Where the proprietor of a virtual community generally fails to enforce the rules, could it be estopped from doing so in any particular instance?
Despite a clear contractual right to terminate, a provider may be estopped from terminating in circumstances where it would be unconscionable to do so.1) In order to prevent the provider from terminating, a participant would have to show that the provider had represented that it would not terminate, that the participant relied on that representation to his or her detriment, and that it would be unjust or inequitable for the provider to terminate in those circumstances.
The representation that the provider would not rely on the right to terminate does not need to be explicit, but it must be unequivocal.2) The representation does not need to be made to a particular person, but can be made to a class of people.3) Where breaches of a particular rule are widespread, a long-standing failure to enforce the rule could conceivably be construed as a representation that the provider will not enforce the rule in future. However, such non-enforcement could also be construed as not making any representation as to the future.4) The requirement that the representation be unambiguous does not mean that “it cannot possibly be open to different constructions, but that it must be such as will be reasonably understood in a particular sense by the person to whom it is addressed.”5) Whether a representation has been made is a question of fact, and its existence “must be decided on ordinary common law principles of construction and of what is reasonable, without fine distinctions or technicalities.”6) In practice, while possible, it may be quite difficult for a participant to establish that the provider represented that it would not enforce a rule in future or against any particular person.
If a representation can be shown, the participant must also be able to show that he or she reasonably relied on that representation. While showing reliance may be straightforward – in that the participant would not have engaged in conduct that technically broke the rules if he or she did not believe that the rule would not be enforced – showing that the reliance was reasonable may be more difficult. In Galaxidis v Galaxidis, Tobias JA (with whom the other members of the NSW Court of Appeal agreed) held that
the representation is sufficiently clear and unambiguous if it is reasonable for the representee to have interpreted the representation in a particular way being a meaning which it is clearly capable of bearing and upon which it is reasonable for the representee to rely.7)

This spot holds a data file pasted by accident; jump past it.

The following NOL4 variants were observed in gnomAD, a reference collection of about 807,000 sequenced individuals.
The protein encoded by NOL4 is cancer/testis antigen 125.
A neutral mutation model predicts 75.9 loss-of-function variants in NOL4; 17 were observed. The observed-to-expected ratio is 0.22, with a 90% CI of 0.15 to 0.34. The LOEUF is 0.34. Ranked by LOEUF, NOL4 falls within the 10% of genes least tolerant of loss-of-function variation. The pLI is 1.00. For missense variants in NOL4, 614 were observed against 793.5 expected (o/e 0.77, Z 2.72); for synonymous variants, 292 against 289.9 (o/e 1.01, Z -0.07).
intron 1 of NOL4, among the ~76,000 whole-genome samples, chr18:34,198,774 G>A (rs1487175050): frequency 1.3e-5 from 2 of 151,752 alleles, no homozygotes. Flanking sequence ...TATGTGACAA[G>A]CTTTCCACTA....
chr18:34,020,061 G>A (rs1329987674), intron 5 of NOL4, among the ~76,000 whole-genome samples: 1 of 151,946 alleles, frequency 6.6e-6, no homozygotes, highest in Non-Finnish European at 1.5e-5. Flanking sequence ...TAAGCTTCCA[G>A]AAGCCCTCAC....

Brennan J, in Walton Stores v Maher, held that it was “essential to the existence of an equity created by estoppel that the party who induces the adoption of the assumption or expectation knows or intends that the party who adopts it will act or abstain from acting in reliance on the assumption or expectation”.8) Again, whether it is reasonable for a participant to rely on a representation that the provider will not enforce a strict contractual right will depend on the circumstances.
It may be difficult to establish in many cases, but it would certainly be open for a judge to find that a platform owner is estopped from terminating a particular participant's access to the virtual community where it takes no action against others who have habitually broken the same rule. If an estoppel can be established, it is important to consider that estoppel does require that that the representation or promise be fulfilled, but instead only provides a remedy for the detriment suffered as a result of reliance upon the representation.9) For this reason, an estoppel, unlike an election, is not permanent – if the detriment to the relying party can be cured, the provider will once again be entitled to exercise its rights. For practical purposes, this means that given sufficient warning, a provider may be able to begin to enforce rules which it had largely ignored in the past.
There is a lot of flexibility in the doctrine of estoppel, and a significant normative question arises as to whether it ought to apply in any given case.10) In the most extreme cases, it will almost certainly be effective as a brake on the ability of platform owners to rely on strict contractual rights which it has encouraged participants to believe would not be enforced. Its application in other circumstances, however, will depend in a large part on the discretion of the court as to how the alleged representation is interpreted and how reasonable the court believes the reliance on that representation to be. Like the other ways in which strict contractual rights can be read down, I believe that these considerations will depend particularly on the importance which the court attaches to the interests of the participant at issue.
See cases:Commonwealth v Verwayen (1990) 170 CLR 394; Waltons Stores (Interstate) Ltd v Maher (1988) 164 CLR 387.
See Legione v Hateley (1982) 152 CLR 406, 438-40 (Mason J and Deane J); 453-455 (Brennan J), 422 (Gibbs CJ and Murphy J, dissenting).
See Commonwealth v Clark  2 VR 333, 362.
See, for example, Olga Investments Pty Ltd v Citipower Ltd  3 VR 485, 499 , where the Victorian Supreme Court of Appeal (Charles JA, Ormiston JA and Callaway JA agreeing) held that the failure to issue a bill for electricity supplied for a twelve year period did not give rise to a representation that no bills would be issued.
Low v Bouverie  3 Ch 82, 106.
Canada & Dominion Sugar Co Ltd v Canadian National (West Indies) Steamships Ltd  AC 46, 55.
Galaxidis v Galaxidis  NSWCA 111,  (Tobias JA, Giles JA and Hodgson JA agreeing).
Walton Stores (Interstate) Ltd v Maher (1987) 164 CLR 387, 423.
Commonwealth v Verwayen (1990) 170 CLR 394.
Robertson A, “Reasonable Reliance in Estoppel by Conduct” (2000) 23 UNSWLJ 87; see also M Pratt, “Defeating Reasonable Reliance” (2000) 18 University of Tasmania Law Review 181.